A: Your question raises a number of points.  First is the identification by Danny Morrison of the ex-prisoner community. Significantly, Danny Morrison fears that our opinions might be “specially weighted because of the people from whom they originate.”  He views our impact through its emotional content and not its logical power. In many ways this allows him (and his colleagues in Sinn Fein) to evade the issues and concentrate on personalities.

This is quite a common tactic used by Sinn Fein and it illustrates our point that open debate and intellectual analysis are of crucial importance and that options should not be decided as a result of soundbites and half-truths.

The second point is that the “peace process” and the “political process” are not identical. After thirty years of a brutal and desperately unequal war with a powerful enemy, the vast majority of republicans — including “ex-lifers, ex-blanketmen or ex-hunger strikers” — are content to have an end to war and conflict and the suffering and death that it brings in its wake.

One should not confuse this as support for the political process. In truth, there is little enthusiasm for the new Sinn Fein strategy at ground level. There is, instead, a weary acceptance. In this respect, ex-prisoners are no different to the rest of the republican community — they share the views and hopes of their friends and neighbors.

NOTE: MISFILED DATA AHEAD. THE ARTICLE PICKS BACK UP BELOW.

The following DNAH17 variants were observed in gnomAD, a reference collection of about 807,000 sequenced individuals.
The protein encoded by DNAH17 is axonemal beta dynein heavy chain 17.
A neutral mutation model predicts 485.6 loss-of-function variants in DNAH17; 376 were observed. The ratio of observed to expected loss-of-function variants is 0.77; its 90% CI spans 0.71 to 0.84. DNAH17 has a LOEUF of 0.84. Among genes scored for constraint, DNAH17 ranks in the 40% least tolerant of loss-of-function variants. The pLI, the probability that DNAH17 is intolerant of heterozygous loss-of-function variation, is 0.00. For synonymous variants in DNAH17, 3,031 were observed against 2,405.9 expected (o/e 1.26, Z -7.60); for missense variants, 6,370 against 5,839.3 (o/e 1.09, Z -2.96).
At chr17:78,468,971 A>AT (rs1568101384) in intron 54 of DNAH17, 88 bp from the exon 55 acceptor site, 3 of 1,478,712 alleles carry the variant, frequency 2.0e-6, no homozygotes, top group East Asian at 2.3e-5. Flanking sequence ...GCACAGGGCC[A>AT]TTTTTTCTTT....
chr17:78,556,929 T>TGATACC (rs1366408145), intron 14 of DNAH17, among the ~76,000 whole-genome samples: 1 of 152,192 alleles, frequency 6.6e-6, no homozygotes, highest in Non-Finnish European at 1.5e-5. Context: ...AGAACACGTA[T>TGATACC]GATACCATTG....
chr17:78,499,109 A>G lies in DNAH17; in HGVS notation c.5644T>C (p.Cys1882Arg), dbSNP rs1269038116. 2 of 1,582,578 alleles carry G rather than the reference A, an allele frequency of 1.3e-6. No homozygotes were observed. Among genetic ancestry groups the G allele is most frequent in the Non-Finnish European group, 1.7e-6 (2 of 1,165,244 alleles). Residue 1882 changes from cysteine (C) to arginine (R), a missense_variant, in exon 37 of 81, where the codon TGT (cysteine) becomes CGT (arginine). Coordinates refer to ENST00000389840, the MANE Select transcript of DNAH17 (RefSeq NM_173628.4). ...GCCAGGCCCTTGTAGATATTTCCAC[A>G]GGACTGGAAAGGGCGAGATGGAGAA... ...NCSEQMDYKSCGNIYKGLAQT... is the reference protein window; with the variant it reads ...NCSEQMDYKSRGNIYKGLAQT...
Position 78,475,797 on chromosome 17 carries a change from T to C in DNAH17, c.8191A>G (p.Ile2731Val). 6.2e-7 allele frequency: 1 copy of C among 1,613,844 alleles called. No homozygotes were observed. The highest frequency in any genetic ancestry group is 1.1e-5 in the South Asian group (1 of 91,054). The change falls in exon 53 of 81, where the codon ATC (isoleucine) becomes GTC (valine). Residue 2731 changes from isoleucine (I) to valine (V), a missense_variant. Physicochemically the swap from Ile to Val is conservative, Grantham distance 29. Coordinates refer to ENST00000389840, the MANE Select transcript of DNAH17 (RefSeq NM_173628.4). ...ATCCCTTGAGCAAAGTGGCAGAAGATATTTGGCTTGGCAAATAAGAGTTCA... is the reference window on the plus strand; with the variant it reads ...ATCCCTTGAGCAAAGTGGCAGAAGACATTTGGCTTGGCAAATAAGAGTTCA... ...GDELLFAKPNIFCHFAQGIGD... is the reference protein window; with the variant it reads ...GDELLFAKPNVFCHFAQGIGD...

Q: One of the many things that distinguishes you and other members of the Irish Republican Writer’s Group from other so-called “republican dissidents” has been your critique of the armed struggle. In fact, you’ve said that it’s a “dangerous fallacy” to imagine that armed struggle is the alternative to the Good Friday Agreement. How do you go about convincing disillusioned republicans that the politics of physical force isn’t the way forward?

A: The glib answer might be to refer them to the outcome of the last twenty-five years. There is though, a deeper answer than that. Irish republicans have often had armed insurrection forced upon them rather than something they have sought out as a first option. That certainly was the case with many of my generation of republicans.

Many young republicans in the late 1960s were very willing to try street politics for example and there is no reason to believe that a similar outlook would not come about again. It was fashionable until recently to say that idealistic young people on the streets was a thing of the past. However, look at the return of young folk to the streets for the anti-WTO, anti-capitalist rallies recently and ultimately, Irish people are the same as people anywhere.

The problem for us is to find an effective means of bringing about change that does not depend on force. This will of course involve a huge amount of “brainstorming” by republicans but the essence of any such strategy must involve the basic steps of withdrawing consent to be governed by the present regime/system.

Q: Months before the Good Friday Agreement was signed — indeed, months before the IRA ended its 1994 cease-fire — journalist Eamonn McCann argued that “in and around the republican movement there is very little sense of how much they gave away in order to get Clinton on their side.” (Northern Ireland Report, 5/96) In your opinion, what effect has “the Clinton factor” had on the Republican Movement?